Beveren rabbits, also known as Van Beveren, are quite uncommon, which is surprising considering that they are beautiful, large rabbits that make great pets for children.
Although Beverens are not very common, they make good pets for children because they are larger than most rabbits and they can be lively. Due to their larger size, they need a larger cage than other rabbits. Beverens are also known as a meat and fur producer.
Beveren rabbits are one of the larger breeds of rabbits, weighing eight to 11 pounds for bucks and nine to 12 pounds for does. Beverens come in blue, white, black, brown and lilac. The blue Beverens are not like other blue rabbits, as they are actually a shade of lavender. There are also Pointed Beverens, with white tips on their ears and they are even more rare than regular Beverens.
Unlike other white rabbits, which have red eyes, the Beveren has blue eyes. Beverens have a mandolin body shape and they are of medium body length. Their ears should be in a “V” shape and at four and three-quarter inches on seniors and intermediates. In addition, their wool must be between one and two inches. In a show, there are three categories for Beverens: Beveren-White, Beveren-Black or Beveren-Blue.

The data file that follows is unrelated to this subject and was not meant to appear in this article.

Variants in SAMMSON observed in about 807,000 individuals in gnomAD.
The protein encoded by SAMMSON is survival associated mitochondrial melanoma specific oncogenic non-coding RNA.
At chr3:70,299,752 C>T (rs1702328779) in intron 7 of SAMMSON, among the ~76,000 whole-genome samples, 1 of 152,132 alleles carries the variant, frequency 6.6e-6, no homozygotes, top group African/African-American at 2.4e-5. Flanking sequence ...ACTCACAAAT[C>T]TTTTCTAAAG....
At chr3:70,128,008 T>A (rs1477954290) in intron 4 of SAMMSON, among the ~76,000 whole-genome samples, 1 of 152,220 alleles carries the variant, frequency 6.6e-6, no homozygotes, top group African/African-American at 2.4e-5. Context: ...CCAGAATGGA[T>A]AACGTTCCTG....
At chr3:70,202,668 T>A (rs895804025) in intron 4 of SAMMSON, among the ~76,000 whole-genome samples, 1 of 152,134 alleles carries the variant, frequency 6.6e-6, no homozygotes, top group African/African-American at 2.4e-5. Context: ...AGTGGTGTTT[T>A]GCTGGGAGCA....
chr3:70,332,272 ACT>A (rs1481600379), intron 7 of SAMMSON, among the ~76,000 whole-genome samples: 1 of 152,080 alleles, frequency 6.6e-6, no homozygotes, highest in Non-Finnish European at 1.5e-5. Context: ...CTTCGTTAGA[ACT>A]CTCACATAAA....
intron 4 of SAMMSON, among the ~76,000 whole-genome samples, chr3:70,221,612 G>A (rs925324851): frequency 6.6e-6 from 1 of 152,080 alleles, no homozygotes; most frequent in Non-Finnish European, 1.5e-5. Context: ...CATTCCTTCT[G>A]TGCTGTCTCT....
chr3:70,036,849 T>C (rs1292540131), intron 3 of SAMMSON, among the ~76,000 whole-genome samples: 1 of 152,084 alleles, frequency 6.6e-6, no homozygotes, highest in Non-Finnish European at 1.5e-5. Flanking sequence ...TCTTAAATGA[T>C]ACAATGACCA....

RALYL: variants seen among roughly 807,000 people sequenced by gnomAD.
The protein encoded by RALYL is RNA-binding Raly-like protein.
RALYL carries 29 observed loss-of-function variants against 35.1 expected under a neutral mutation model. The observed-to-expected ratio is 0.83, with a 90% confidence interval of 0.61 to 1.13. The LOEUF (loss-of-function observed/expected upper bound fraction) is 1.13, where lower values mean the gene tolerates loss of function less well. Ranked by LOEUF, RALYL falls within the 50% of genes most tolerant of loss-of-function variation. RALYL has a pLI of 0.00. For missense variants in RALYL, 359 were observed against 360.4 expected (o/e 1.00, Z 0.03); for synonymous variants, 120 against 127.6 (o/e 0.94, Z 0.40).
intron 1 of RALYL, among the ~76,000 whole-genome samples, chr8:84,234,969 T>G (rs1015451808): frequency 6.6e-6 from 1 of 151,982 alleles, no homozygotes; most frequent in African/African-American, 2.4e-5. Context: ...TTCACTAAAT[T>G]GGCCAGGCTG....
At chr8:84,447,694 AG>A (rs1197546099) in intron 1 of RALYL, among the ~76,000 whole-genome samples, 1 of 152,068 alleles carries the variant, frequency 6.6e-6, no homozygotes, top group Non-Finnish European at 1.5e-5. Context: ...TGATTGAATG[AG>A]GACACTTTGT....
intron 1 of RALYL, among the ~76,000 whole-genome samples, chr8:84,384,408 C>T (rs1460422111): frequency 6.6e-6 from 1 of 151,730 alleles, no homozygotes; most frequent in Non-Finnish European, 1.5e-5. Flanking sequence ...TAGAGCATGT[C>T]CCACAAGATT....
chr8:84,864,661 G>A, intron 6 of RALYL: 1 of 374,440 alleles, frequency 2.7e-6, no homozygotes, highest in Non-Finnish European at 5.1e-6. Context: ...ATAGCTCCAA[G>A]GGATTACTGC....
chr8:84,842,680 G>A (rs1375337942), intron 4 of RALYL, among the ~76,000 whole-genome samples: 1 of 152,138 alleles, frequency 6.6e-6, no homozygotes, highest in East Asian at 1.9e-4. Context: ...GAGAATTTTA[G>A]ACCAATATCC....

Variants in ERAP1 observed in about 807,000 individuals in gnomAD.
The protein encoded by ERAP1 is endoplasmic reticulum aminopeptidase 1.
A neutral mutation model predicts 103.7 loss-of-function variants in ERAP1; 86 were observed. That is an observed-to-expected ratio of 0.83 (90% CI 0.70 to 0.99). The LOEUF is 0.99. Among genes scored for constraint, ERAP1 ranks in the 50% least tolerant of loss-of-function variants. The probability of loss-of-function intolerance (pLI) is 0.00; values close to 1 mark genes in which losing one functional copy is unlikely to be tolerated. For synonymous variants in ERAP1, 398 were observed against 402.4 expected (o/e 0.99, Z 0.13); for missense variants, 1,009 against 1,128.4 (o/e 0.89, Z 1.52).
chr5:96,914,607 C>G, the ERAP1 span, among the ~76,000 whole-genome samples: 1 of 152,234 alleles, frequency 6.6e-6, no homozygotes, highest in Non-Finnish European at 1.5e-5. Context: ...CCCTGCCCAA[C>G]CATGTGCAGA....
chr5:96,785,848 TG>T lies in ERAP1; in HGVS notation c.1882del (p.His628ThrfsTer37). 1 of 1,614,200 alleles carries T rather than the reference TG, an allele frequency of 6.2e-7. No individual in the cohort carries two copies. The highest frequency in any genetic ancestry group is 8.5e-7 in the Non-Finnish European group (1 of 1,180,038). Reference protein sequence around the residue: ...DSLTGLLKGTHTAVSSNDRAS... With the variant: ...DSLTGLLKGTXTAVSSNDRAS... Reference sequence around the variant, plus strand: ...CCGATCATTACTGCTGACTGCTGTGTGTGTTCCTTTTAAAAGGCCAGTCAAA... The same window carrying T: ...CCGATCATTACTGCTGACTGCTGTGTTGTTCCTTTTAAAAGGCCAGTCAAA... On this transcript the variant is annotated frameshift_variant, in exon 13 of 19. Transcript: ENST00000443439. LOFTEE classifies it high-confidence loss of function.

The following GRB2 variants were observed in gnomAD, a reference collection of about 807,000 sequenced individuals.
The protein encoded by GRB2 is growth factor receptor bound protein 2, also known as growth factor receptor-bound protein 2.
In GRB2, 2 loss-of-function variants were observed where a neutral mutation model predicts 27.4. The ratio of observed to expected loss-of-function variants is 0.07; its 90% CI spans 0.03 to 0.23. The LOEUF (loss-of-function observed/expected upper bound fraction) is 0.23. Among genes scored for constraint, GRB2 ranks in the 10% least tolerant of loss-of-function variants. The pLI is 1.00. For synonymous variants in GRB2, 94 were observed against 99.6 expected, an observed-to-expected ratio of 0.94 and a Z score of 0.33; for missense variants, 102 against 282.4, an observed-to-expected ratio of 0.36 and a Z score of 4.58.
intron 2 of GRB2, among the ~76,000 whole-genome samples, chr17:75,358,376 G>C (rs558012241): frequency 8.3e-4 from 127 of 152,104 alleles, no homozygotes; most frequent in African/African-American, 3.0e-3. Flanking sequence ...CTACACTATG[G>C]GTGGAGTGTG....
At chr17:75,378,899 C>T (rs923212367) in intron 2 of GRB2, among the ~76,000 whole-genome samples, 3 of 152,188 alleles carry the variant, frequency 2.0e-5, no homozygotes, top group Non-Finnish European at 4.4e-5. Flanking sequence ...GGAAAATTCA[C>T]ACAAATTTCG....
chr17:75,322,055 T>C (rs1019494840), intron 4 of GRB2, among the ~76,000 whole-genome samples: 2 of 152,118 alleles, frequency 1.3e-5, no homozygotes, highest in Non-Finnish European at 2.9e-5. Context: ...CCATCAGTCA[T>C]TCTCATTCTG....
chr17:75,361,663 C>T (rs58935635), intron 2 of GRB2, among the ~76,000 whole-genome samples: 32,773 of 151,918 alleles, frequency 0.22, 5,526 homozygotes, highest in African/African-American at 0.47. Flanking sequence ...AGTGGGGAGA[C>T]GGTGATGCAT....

Senior bucks must be between eight and 11 pounds and senior does must be between nine and 12 pounds. Intermediate bucks must not be over nine and a half pounds, while intermediate does must not be over ten and a half pounds. Junior bucks, which are not over six months old, must not weigh more than eight pounds and junior does must not weigh more than nine pounds.
A rabbit that weighs more than its age class allows, may be bumped up to another class, but no rabbit can be in a lower age class than its actual age. Beverens originated in Beveren, Belgium in the late 19th century. Blue was their original color, which gained quick popularity.